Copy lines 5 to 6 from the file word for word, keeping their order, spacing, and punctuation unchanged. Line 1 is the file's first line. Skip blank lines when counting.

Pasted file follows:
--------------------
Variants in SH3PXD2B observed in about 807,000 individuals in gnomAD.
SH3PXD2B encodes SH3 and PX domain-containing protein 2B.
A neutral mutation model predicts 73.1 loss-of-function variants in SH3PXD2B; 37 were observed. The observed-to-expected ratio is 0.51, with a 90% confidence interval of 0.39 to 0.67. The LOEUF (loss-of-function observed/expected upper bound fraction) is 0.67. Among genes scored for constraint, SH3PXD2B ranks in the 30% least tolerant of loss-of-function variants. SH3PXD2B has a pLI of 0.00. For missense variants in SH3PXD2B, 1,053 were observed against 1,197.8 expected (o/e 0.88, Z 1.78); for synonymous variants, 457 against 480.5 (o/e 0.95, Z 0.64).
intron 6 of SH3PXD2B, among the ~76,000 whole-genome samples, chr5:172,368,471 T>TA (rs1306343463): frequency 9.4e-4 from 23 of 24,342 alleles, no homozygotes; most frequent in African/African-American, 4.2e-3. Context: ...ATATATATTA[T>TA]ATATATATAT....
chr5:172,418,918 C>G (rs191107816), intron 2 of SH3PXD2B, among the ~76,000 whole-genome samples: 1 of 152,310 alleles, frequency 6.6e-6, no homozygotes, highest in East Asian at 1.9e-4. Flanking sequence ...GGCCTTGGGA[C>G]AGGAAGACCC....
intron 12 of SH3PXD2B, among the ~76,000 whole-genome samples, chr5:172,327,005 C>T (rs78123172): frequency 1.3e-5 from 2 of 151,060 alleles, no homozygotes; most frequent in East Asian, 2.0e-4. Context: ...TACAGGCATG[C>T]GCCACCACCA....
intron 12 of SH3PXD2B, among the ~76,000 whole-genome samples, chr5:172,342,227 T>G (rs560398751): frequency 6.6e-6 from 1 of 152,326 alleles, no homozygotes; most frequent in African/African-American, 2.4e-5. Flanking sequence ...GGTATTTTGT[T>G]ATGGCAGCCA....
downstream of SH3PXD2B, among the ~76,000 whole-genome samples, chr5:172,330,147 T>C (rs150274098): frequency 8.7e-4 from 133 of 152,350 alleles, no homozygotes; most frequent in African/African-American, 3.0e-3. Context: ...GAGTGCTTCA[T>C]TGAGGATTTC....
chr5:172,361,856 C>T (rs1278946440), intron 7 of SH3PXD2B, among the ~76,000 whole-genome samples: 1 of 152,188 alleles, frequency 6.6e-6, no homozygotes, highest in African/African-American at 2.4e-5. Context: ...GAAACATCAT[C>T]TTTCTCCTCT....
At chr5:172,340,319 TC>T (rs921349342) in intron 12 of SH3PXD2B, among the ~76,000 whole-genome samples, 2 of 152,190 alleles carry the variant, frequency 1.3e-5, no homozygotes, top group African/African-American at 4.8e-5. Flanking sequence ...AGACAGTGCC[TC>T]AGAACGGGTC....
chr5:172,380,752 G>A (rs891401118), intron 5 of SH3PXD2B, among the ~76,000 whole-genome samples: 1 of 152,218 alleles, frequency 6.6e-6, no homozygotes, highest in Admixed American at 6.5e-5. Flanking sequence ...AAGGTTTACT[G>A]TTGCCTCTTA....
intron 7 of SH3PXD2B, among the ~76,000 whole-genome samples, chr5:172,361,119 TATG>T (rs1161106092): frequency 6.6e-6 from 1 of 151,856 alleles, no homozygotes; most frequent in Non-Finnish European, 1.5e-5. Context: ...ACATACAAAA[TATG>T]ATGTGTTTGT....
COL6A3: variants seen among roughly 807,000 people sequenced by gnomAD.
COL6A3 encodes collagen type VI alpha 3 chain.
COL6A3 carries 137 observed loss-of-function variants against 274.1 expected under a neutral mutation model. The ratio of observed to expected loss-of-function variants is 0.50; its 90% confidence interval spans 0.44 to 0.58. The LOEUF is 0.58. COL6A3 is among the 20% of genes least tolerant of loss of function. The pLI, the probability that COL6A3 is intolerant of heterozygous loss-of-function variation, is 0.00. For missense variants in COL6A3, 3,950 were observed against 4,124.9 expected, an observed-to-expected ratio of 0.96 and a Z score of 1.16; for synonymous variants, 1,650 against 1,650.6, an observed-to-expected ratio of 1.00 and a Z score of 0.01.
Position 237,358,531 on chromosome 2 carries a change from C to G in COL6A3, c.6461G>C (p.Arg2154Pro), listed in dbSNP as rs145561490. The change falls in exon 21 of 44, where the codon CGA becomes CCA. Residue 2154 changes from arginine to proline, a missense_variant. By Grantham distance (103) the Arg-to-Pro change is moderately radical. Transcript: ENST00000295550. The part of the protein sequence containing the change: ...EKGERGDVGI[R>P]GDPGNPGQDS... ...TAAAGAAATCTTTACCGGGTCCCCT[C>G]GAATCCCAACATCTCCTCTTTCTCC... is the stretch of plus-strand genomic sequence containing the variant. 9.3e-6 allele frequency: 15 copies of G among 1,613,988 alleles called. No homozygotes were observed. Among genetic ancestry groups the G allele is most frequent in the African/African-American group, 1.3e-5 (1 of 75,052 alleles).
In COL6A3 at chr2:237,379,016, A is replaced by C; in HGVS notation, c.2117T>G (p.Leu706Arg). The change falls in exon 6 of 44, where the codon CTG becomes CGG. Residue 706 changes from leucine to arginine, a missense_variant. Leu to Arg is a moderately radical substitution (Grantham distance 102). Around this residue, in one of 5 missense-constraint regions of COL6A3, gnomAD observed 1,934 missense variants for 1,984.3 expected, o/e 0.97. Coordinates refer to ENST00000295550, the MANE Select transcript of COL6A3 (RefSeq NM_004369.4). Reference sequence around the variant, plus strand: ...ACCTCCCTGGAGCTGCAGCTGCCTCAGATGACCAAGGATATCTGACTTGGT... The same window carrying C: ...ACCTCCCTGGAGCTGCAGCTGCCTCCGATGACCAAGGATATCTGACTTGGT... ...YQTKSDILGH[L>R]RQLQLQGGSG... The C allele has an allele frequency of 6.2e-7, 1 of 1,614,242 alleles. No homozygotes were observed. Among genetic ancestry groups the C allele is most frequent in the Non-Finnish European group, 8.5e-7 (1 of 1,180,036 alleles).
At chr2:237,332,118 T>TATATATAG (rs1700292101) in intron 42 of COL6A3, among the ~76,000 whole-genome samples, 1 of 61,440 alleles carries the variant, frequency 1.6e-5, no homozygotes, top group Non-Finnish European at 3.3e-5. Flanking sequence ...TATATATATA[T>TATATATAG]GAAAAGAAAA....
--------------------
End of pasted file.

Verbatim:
chr5:172,418,918 C>G (rs191107816), intron 2 of SH3PXD2B, among the ~76,000 whole-genome samples: 1 of 152,310 alleles, frequency 6.6e-6, no homozygotes, highest in East Asian at 1.9e-4. Flanking sequence ...GGCCTTGGGA[C>G]AGGAAGACCC....
intron 12 of SH3PXD2B, among the ~76,000 whole-genome samples, chr5:172,327,005 C>T (rs78123172): frequency 1.3e-5 from 2 of 151,060 alleles, no homozygotes; most frequent in East Asian, 2.0e-4. Context: ...TACAGGCATG[C>T]GCCACCACCA....